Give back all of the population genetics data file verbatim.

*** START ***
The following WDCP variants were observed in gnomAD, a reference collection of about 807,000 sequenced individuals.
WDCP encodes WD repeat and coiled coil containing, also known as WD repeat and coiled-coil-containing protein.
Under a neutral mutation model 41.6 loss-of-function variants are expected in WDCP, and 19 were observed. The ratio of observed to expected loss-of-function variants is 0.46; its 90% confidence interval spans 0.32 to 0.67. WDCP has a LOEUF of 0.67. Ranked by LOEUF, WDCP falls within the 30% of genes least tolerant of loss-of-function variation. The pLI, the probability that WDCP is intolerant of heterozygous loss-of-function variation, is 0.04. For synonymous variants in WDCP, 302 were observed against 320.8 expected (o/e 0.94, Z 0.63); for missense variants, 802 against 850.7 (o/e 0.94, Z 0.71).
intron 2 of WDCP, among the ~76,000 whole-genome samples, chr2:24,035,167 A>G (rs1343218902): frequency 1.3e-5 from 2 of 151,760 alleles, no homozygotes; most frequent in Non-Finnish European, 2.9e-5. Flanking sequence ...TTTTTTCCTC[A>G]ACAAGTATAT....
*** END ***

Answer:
The following WDCP variants were observed in gnomAD, a reference collection of about 807,000 sequenced individuals.
WDCP encodes WD repeat and coiled coil containing, also known as WD repeat and coiled-coil-containing protein.
Under a neutral mutation model 41.6 loss-of-function variants are expected in WDCP, and 19 were observed. The ratio of observed to expected loss-of-function variants is 0.46; its 90% confidence interval spans 0.32 to 0.67. WDCP has a LOEUF of 0.67. Ranked by LOEUF, WDCP falls within the 30% of genes least tolerant of loss-of-function variation. The pLI, the probability that WDCP is intolerant of heterozygous loss-of-function variation, is 0.04. For synonymous variants in WDCP, 302 were observed against 320.8 expected (o/e 0.94, Z 0.63); for missense variants, 802 against 850.7 (o/e 0.94, Z 0.71).
intron 2 of WDCP, among the ~76,000 whole-genome samples, chr2:24,035,167 A>G (rs1343218902): frequency 1.3e-5 from 2 of 151,760 alleles, no homozygotes; most frequent in Non-Finnish European, 2.9e-5. Flanking sequence ...TTTTTTCCTC[A>G]ACAAGTATAT....